All this chaos surrounding birth control, sex, and women’s rights leads me to ask one question:What would Roseanne Bar do?

Seriously, as each of these women’s issues get’s raised and dragged back to the dark ages by Republican candidates or commentators I can’t help but think of the good old days, when (1) it felt like we’d settled birth control and abortion as a woman’s right (I think it was 1993 when Roseanne had a ‘frank’ discussion with Becky about birth control- the show also dealt with abortion around 1996); (2) when we accepted that families came in all forms and classes (there were divorces, single moms, and Roseanne was one of the first TV shows to feature a lesbian couple, who controversially kissed in an episode); (3)when we stopped talking about ‘family values’ because we started asking ‘whose family?’ and ‘what values?’; and (4) when women actually took risks and did something with their lives in television shows (in the first season Roseanne works at a dead end factory job and through the seasons we watch her struggle to stay employed, often working two part-time jobs).

So what would the 1990s Roseanne think about the procreation, abstinence, use-an-asprin-between-your-knees as birth control moment we are faced in American politics today?

Don’t get me wrong. I don’t look to television as a ‘beacon of morality’. But it might not be a coincidence that the TV ‘women of the moment’ today stand in stark contrast to the working-class shit disturber hero that was Roseanne. In fact, you also don’t have to look far to see the Republican ideal of the virginal, unemployed, simple woman reaffirmed on our TV screens today: House Wives of Atlanta/New York/New Jersey, and the Kardashians anyone?

In these (sur)reality shows women really do seem to have sex for money, they don’t have jobs (do they?), and they certainly aren’t interested in politics.

What do we make of the shift in the representation of women both within political commentary and within our entertainment programs? How can we start to see the Republican war on women as something being waged within the episodes on vaginoplasty and Kim’s wedding preparations? How, in 2012, do the Kardashians of the TV waves allow the space for a reversal of debates (not just about birth control, but also about class, race, and sexuality) that we had more space to talk about in the early 1990s?

And- most importantly- where’s Roseanne when you need her?

All Male Soldiers are Rapists and all Female Soldiers are Weak Homewreckers: Fox News on Female Soldiers

(This post originally appeared on DuckOfMinerva where I am a regular contributor)

I mostly try to let Fox News polemics slide past me like water off a ducks back. It was easy to dismiss Liz Trotta’s first rant about the proposed changes to the US military, which will allow more women into front-line positions (and recognize those women who are already in these posts) but the second iteration, in which she clarifies her position (and clearly reads a diatribe from a prompter) demands another interruption to my blogging hiatus. We should start with a briefing of Liz-isms, including: “hardline feminist,” “feminist biology,” and “feminist creed.” Let’s see if these become clear after a quick view of her main arguments:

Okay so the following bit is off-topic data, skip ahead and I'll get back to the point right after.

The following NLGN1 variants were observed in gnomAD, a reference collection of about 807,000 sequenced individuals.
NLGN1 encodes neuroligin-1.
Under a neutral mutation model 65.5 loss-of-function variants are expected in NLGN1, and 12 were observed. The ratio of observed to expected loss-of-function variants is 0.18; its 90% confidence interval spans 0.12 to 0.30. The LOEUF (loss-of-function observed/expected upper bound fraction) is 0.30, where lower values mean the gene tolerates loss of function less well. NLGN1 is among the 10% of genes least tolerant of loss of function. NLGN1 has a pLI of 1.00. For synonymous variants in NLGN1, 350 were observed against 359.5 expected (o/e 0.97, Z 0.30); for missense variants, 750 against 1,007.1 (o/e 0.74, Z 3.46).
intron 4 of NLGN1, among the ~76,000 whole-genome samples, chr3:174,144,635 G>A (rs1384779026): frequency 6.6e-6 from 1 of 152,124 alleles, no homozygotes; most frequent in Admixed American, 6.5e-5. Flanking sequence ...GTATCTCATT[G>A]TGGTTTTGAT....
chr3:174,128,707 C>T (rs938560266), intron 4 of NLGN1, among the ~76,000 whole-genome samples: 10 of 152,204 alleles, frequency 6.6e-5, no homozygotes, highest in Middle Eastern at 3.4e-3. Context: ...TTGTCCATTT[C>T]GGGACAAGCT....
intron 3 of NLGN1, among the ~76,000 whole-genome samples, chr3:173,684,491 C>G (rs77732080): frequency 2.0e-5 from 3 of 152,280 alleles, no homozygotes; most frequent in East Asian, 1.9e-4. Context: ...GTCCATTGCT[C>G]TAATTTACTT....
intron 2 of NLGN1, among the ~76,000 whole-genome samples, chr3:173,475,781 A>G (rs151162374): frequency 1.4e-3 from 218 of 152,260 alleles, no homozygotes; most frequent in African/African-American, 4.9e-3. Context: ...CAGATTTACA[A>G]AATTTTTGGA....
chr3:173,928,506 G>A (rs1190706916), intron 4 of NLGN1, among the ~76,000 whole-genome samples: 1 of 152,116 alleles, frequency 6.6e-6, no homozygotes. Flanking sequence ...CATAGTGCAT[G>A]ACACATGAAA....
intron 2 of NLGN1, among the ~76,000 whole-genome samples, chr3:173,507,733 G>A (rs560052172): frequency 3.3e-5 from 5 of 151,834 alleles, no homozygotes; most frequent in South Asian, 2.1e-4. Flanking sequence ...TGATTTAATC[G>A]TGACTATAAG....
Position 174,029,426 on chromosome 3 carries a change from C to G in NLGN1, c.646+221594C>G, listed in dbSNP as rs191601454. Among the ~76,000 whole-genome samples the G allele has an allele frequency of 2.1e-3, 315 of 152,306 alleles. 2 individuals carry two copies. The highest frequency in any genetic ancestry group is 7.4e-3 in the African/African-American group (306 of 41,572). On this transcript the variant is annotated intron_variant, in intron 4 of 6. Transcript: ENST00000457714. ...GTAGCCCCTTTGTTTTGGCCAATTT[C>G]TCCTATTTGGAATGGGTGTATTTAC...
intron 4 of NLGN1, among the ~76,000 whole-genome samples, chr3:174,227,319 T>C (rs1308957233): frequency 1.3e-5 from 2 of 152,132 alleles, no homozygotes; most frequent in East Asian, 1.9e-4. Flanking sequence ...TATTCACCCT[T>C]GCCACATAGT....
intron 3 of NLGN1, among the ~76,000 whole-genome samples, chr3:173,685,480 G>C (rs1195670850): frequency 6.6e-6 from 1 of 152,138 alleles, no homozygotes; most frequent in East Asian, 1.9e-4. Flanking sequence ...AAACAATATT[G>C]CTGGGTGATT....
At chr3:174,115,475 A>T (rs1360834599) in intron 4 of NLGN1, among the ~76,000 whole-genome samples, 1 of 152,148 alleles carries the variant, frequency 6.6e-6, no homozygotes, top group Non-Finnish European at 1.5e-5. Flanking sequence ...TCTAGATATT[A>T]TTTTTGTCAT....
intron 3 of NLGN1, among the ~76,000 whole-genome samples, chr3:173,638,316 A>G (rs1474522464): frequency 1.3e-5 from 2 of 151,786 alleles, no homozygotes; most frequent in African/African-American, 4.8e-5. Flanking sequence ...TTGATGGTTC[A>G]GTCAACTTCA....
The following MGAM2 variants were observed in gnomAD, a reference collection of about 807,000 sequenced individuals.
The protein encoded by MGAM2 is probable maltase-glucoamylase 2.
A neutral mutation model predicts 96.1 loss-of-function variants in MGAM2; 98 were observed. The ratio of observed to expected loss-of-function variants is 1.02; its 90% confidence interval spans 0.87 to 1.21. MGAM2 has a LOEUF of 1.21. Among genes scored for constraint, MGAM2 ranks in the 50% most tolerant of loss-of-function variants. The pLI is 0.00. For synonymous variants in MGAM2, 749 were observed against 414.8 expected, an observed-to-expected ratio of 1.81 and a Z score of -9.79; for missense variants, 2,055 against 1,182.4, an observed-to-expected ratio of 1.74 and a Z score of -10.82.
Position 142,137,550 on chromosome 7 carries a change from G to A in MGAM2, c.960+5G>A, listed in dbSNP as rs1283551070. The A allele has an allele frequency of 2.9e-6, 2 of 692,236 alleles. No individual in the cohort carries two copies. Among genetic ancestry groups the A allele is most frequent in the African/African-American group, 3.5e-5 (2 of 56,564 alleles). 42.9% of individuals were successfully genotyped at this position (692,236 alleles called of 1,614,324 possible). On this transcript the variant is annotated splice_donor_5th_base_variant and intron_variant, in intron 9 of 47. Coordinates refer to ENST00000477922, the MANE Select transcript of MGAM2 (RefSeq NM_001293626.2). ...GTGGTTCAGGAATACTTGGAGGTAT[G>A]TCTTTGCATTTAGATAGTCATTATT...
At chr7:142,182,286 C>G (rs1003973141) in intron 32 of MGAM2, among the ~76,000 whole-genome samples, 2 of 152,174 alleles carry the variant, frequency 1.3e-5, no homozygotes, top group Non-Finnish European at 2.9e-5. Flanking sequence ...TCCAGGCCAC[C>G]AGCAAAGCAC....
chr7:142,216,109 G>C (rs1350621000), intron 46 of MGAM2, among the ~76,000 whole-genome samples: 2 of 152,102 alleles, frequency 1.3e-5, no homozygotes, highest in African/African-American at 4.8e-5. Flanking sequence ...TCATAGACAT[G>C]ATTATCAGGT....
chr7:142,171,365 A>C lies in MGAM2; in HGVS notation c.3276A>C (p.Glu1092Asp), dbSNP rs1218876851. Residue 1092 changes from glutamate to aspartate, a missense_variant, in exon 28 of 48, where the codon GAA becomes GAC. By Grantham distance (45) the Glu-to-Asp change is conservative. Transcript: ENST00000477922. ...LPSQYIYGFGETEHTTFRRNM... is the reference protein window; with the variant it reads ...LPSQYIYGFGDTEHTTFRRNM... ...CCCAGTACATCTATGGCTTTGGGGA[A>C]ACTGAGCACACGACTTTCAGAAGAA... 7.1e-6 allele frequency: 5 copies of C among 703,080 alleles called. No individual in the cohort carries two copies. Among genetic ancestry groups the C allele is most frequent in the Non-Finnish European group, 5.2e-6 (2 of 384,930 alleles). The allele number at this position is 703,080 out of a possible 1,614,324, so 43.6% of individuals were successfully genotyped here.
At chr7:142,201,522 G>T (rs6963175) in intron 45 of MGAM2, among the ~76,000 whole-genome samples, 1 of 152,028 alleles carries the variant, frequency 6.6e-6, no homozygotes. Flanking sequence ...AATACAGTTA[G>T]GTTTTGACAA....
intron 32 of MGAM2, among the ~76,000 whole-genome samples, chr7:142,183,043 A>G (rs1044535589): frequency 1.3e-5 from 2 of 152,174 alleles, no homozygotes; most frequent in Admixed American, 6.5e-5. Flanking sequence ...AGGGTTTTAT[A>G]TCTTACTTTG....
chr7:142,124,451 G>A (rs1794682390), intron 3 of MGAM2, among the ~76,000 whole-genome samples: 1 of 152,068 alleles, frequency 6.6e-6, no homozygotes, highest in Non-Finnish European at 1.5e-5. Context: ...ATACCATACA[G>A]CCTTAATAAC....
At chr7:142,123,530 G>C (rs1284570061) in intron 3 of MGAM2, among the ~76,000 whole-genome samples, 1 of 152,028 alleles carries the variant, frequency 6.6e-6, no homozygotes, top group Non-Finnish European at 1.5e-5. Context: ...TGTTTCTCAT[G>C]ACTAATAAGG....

1. The women and combat issue has “never gotten a fair and open hearing” and has instead been established as a “fait accompli” by “hardline feminists.”
2. These same hardline feminists have helped to fabricate “silly and dishonest fairy tales about women’s heroism in war” to support their case for removing the exclusion.
3. Biology is destiny and that men are facing “feminist biology” and having to work with weaker women.
4. Testosterone rules in war and that in closed combat “basic instincts” take over, which put women at risk.
5. Signs of abuse within the military are all too often used to support the “never enough bureaucracy of women victims within the armed forces.”

Let’s just leave her rant about pregnant women and the desecration of the American family aside for now and work with these 5. First, the women and combat issue has received almost as many open hearings as Fox has failed Republican hosts. Liz herself cites the 1991 Senate hearing on the issue and fails to note that the policy changes she is talking about came as a result of a commission initiated by Congress. Second, Trotta cites the Jessica Lynch fabrication as evidence that women’s participation in combat more generally has been essentially ‘made up.’ The Lynch debacle is something to take note of precisely because the fairy tale it created was one of female victimhood and male heroism. Why turn to this example of military propaganda when there is other evidence of women’s participation in combat- for example, women make up 16% of the fatalities in the Iraq and Afghanistan missions and several have won medals for their contributions to combat missions in Iraq. Trotta is right on the third point in the sense that women do measure up differently than men in physical standards tests. But, as reported in a previous blog, the military chose to have sex-specific testing- not because it wanted women to have lower standards, but as part of a recognition of physical difference and the requirements needed to test job capacity rather than meet the male standard. And PS Liz, biology isn’t destiny because according to experts like Maia Goodell, over 5% of women are kicking men’s butts on physical standards tests. The AVERAGE women has less upper body strength and endurance than men, but the military often attracts and creates above average female candidates. The fourth and fifth points that Trotta makes are the most troubling. This ‘basic instinct’ argument is a thrown back to prehistoric analysis of men as incapable of controlling their drive and their genitalia. The argument is insulting to men and ignores subsequent evidence that women and men can work in close proximity without men feeling obliged to rape. As for the sexual violence statistics- surely this is evidence of a major gender problem within the military rather than proof that women need to be kept out.